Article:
- Fifty-two winners of the Goldman Environmental Prize have signed on to a letter calling on the United Nations Human Rights Council (UNHRC) to vote against Vietnam’s bid for membership.
- The letter cites the imprisonment of Nguy Thi Khanh, founder of Hanoi-based GreenID and Vietnam’s first Goldman Prize winner, on tax evasion charges, as well as the case of Dang Dinh Bach, an environmental lawyer and former director of the Law and Policy of Sustainable Development Research Center, also imprisoned on tax-related charges.
- Noting that the UN General Assembly has declared a clean, healthy and sustainable environment to be a universal human right, the letter asks how Vietnam will uphold this right with these experts behind bars and many in civil society concerned about the possibility of more arrests.
Citing growing repression against environment defenders in Vietnam, 52 celebrated environmentalists from across the globe have signed a joint letter calling on the United Nations Human Rights Council (UNHRC) to vote against Vietnam’s bid for membership.
A vote on Vietnam’s candidacy is expected to take place during the 51st UNHRC session, which began this week. If approved, Vietnam would serve as part of the council for its 2023-25 term.
The authors of the letter, all winners of the prestigious Goldman Environmental Prize, note the controversial imprisonment of Nguy Thi Khanh, founder of Hanoi-based GreenID and Vietnam’s first Goldman Prize winner, for two years on allegations of tax evasion. Khanh, arguably the country’s most high-profile voice on climate and energy issues, was sentenced in June after being arrested at the start of the year.
The letter notes that UN special rapporteurs have found “Vietnam’s tax laws are incompatible with human rights norms, and are being used to silence leaders of nonprofit organizations.”
“Over the last 10 years, Ms. Khanh has worked cooperatively with the government of Vietnam to pioneer strategies that helped lay the foundation for the country’s ambitious climate goals, including Prime Minister Pham Minh Chinh’s commitment to net zero emissions by 2025 made last November at COP 26,” the letter states.
Bobby Peek, the director of South Africa-based groundWork who won a Goldman Prize in 1998 and signed the UNHRC letter, shares his personal impression of Khanh.
“She invited me to Vietnam in 2019, and I met with state officials, NGOs and industry, and she was clearly well-respected,” he says. “It was clear that she was making inroads into getting an understanding among government that you don’t have to fear civil society.”
The letter also discusses Dang Dinh Bach, an environmental lawyer and former director of the Law and Policy of Sustainable Development Research Center, whose five-year sentence on tax charges was recently upheld at an appeal trial.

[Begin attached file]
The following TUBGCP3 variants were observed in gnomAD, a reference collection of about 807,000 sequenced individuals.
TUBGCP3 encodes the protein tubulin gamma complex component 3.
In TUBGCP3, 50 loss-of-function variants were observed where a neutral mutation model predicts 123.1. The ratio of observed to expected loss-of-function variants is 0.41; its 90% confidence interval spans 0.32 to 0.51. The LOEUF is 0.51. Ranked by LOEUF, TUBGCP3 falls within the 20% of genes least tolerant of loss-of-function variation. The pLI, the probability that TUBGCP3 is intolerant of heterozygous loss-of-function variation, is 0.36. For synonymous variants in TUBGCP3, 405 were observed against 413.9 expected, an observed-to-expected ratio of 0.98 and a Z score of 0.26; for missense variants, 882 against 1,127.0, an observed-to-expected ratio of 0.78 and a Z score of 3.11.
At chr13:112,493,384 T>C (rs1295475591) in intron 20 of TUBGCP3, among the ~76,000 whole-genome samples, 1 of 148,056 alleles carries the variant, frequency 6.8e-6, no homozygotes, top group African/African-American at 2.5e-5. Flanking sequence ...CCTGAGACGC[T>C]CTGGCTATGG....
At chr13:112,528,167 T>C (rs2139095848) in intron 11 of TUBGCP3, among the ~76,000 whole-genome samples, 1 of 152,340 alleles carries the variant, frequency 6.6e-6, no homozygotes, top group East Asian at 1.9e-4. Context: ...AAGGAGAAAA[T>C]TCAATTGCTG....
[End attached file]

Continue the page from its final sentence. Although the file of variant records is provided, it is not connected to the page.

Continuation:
“Indeed, these arrests have raised concern that more environmental defenders could face criminal prosecution and imprisonment,” the authors note. “Ms. Khanh, Mr. Bach, and other environmental defenders currently imprisoned in Vietnam have dedicated their lives to creating a clean, healthy, and sustainable environment, which was declared a universal human right by the UN General Assembly last year. With these experts behind bars and concerns about the possibility of more arrests, how will Vietnam uphold this universal right?”
Concerns over the situation in Vietnam have also come from within the UN itself.
At the start of the latest UNHRC session, UN Acting High Commissioner for Human Rights Nada Al-Nashif said: “the government’s growing restrictions on civic space and fundamental freedoms, as well as the sentencing of people on charges related to their human rights work and efforts to promote a clean, healthy and sustainable environment are worrisome. I urge the government to … release those who have been arbitrarily detained or imprisoned for such activities.”
For its part, Vietnam’s Ministry of Foreign Affairs has stated that Khanh was prosecuted for tax evasion, not her climate work.
Peek, meanwhile, says it has been difficult to respond to Khanh’s sentencing, which stunned observers of Vietnam.
“I felt helpless, and I still do to a certain extent,” he says. “It’s someone I’ve met, and it could be me. I have three children; she has three children; we both run environmental justice NGOs, and our staff looks up to us for guidance, and when leadership is imprisoned, it has a big impact on staff.”
“I was amazed how she navigated those spaces of the government,” Peek adds. “She did it with aplomb and deep respect.”
Beyond the organizations formerly run by Khanh, Bach and other jailed climate activists, these prison sentences continue to reverberate throughout Vietnam’s civil society.
One NGO leader shares that their organization recently canceled a planned climate leadership camp due to government pressure and is uncertain about moving forward with other events.
While Vietnam’s recent sentencing of climate activists is notable, Peek stresses that this is not an issue for one country alone.
“Khanh’s imprisonment is not just a Vietnamese issue,” he says. “It’s a global issue, and it’s just the tip of the iceberg. The UN itself needs to have pressure put on it so that violence of any kind against society doesn’t become the norm.”
Banner image: Nguy Thi Khanh is arguably Vietnam’s most high-profile voice on climate and energy issues. Image courtesy of Goldman Environmental Prize.